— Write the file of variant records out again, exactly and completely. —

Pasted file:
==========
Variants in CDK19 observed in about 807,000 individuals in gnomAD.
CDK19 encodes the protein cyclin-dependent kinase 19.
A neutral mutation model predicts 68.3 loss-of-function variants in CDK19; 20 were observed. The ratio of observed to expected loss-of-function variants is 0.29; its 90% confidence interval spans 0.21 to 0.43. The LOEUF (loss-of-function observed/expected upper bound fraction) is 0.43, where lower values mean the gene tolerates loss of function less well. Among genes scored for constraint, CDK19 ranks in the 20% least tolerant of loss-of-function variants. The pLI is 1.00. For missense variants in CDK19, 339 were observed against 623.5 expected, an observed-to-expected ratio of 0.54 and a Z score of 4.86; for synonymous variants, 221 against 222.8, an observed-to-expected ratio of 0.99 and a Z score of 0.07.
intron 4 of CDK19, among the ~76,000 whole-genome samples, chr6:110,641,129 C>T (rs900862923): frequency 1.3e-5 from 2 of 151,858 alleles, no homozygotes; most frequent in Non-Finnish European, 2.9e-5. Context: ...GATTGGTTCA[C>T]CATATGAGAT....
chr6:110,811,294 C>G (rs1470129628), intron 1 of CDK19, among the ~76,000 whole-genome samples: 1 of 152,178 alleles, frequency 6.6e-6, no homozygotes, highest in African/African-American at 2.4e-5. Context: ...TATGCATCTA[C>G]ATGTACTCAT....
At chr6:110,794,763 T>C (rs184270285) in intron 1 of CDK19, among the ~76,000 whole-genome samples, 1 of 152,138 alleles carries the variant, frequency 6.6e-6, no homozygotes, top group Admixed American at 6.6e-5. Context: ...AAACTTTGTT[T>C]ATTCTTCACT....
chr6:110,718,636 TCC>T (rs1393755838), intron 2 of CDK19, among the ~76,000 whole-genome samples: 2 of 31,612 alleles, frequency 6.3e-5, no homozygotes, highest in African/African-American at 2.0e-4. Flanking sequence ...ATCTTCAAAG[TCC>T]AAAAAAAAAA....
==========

Variants in CDK19 observed in about 807,000 individuals in gnomAD.
CDK19 encodes the protein cyclin-dependent kinase 19.
A neutral mutation model predicts 68.3 loss-of-function variants in CDK19; 20 were observed. The ratio of observed to expected loss-of-function variants is 0.29; its 90% confidence interval spans 0.21 to 0.43. The LOEUF (loss-of-function observed/expected upper bound fraction) is 0.43, where lower values mean the gene tolerates loss of function less well. Among genes scored for constraint, CDK19 ranks in the 20% least tolerant of loss-of-function variants. The pLI is 1.00. For missense variants in CDK19, 339 were observed against 623.5 expected, an observed-to-expected ratio of 0.54 and a Z score of 4.86; for synonymous variants, 221 against 222.8, an observed-to-expected ratio of 0.99 and a Z score of 0.07.
intron 4 of CDK19, among the ~76,000 whole-genome samples, chr6:110,641,129 C>T (rs900862923): frequency 1.3e-5 from 2 of 151,858 alleles, no homozygotes; most frequent in Non-Finnish European, 2.9e-5. Context: ...GATTGGTTCA[C>T]CATATGAGAT....
chr6:110,811,294 C>G (rs1470129628), intron 1 of CDK19, among the ~76,000 whole-genome samples: 1 of 152,178 alleles, frequency 6.6e-6, no homozygotes, highest in African/African-American at 2.4e-5. Context: ...TATGCATCTA[C>G]ATGTACTCAT....
At chr6:110,794,763 T>C (rs184270285) in intron 1 of CDK19, among the ~76,000 whole-genome samples, 1 of 152,138 alleles carries the variant, frequency 6.6e-6, no homozygotes, top group Admixed American at 6.6e-5. Context: ...AAACTTTGTT[T>C]ATTCTTCACT....
chr6:110,718,636 TCC>T (rs1393755838), intron 2 of CDK19, among the ~76,000 whole-genome samples: 2 of 31,612 alleles, frequency 6.3e-5, no homozygotes, highest in African/African-American at 2.0e-4. Flanking sequence ...ATCTTCAAAG[TCC>T]AAAAAAAAAA....